Theo Jansen’s – Evolving Species
- Ruairi Glynn
- On January 24, 2006
Theo Jansen spoke at the Bartlett School of Architecture last week leaving his audience of students and professors all gasping for air with excitement, full of new ideas about the potential of even the simplest of objects when passionately investigated. I had my tongue hanging out of my mouth dreaming up new projects for my interactive architecture research.
Theo is a rare breed of passionate technologist who understands not just the potential of digital technology but the potential of even the seemingly mundane materials we all take for granted. I’m also excited to hear that he will be building one of these incredible creatures in Trafalgar Square, London with its very own sand pit.
For well over a decade Theo Jansen has rigorously experimented ‘with the making of a new nature. Not pollen or seeds but plastic yellow tubes are used as the basic material of this new nature.’ He talked about how protein acts as the key element in the structure and functioning of all living cells and that he wanted to use his own protein (plastic tubes) to act as the building block for his very own creations.
Starting out initially on his Atari STe, he programmed evolving species that tested how to build walking legs from 7 varying lengths and through natural selection was able to find quite accurate measurements of the perfect ratio of configuration.
The next stage in the evolution of these creatureâ€™s mechanics was to build prototypes using just the plastic tubes and test them in real world environments. Many years later he has created fantastic walking creatures that have evolved in complexity but still using this simple building block.
Further developments have used wind energy to transfer energy into the creatures giving them the ability to walk up and down the beach he tests them out on. He then began giving them the ability to pick up sand and water so that they could tell if they were about to walk off into the sea or get stuck in the dryer sand higher up the beach. His creations are now able to make decisions on their environment and avoid hazardous environments much like evolving species learn to do.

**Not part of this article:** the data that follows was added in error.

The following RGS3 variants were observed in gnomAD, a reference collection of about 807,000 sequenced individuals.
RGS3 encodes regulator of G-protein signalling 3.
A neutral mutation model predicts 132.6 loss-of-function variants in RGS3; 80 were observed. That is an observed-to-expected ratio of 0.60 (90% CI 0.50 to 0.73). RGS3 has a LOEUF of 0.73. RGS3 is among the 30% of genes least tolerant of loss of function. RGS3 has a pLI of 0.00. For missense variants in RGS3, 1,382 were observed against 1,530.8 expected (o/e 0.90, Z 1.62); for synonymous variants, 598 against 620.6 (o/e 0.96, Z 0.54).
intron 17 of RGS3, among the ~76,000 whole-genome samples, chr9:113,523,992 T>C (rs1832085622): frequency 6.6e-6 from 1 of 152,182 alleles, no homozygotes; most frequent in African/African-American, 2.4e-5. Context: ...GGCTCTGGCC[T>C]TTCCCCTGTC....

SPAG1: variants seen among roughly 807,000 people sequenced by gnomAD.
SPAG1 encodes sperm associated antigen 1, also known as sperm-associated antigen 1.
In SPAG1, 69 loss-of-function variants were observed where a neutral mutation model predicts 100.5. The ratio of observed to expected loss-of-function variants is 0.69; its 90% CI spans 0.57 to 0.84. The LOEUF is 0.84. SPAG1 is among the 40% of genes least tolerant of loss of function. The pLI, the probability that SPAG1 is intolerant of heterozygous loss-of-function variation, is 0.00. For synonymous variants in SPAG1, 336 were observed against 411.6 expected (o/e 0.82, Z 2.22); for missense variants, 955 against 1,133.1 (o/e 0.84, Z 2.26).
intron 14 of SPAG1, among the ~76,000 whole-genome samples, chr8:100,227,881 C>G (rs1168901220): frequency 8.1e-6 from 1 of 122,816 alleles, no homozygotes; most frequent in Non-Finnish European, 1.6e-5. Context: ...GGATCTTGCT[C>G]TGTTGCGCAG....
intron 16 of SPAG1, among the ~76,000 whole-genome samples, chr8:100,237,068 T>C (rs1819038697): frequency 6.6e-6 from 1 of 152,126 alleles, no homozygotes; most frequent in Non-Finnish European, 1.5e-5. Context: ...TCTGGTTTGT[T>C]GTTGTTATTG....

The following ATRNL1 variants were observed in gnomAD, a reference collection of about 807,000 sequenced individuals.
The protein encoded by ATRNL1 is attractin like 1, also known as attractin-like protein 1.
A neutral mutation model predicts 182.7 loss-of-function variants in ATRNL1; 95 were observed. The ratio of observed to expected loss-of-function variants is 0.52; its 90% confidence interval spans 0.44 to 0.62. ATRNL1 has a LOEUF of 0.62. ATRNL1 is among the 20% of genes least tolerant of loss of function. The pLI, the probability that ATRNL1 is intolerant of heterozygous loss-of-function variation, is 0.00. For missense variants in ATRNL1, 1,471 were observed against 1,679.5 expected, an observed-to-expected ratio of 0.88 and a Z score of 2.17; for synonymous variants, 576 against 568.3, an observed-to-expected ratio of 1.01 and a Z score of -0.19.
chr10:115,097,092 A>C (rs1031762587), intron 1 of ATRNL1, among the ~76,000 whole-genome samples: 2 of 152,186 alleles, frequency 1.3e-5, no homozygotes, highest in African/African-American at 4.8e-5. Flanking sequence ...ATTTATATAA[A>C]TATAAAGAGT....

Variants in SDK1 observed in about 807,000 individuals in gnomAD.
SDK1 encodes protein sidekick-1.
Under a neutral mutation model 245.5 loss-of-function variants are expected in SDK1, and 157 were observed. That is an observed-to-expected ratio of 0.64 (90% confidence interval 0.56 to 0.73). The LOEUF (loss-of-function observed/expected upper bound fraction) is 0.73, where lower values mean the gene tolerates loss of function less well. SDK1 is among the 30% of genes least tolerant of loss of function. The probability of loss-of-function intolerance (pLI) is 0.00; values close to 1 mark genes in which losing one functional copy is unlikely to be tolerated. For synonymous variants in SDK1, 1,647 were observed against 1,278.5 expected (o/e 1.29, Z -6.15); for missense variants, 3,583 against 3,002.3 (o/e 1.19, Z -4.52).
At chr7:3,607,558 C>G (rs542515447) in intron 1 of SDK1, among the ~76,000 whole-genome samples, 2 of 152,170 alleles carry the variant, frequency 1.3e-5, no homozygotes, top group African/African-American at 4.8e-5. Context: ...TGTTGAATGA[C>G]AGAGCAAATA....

natural selection hasn’t favored this species
He has started using more advanced air systems which he hopes the creatures will be able to use to collect air themselves and compress it to power pressurized pneumatic devices. Whatâ€™s most exciting is that he has devised a system of valves that act as yes/no logic gates for the pressurized air which could eventually be built up to process simple logic and develop a primitive form of intelligence. In all seriousness he suggested that eventually he wants these creatures to be able to think for themselves and reproduce.
Some might assume that these ideas are verging on the side of crazy but what I love is his passion for dreaming the impossible and seemingly managing to progress towards it with every new mutation in his species development.
A Render of one of his future visions
I will bring the dates of his creatures appearing in Trafalgar Square to you as soon as I find out.
Interactive Architecture at Plymouth University... December 3, 2005 | Ruairi Glynn
Simplicity Project – Interview with John Maeda... January 21, 2006 | Ruairi Glynn
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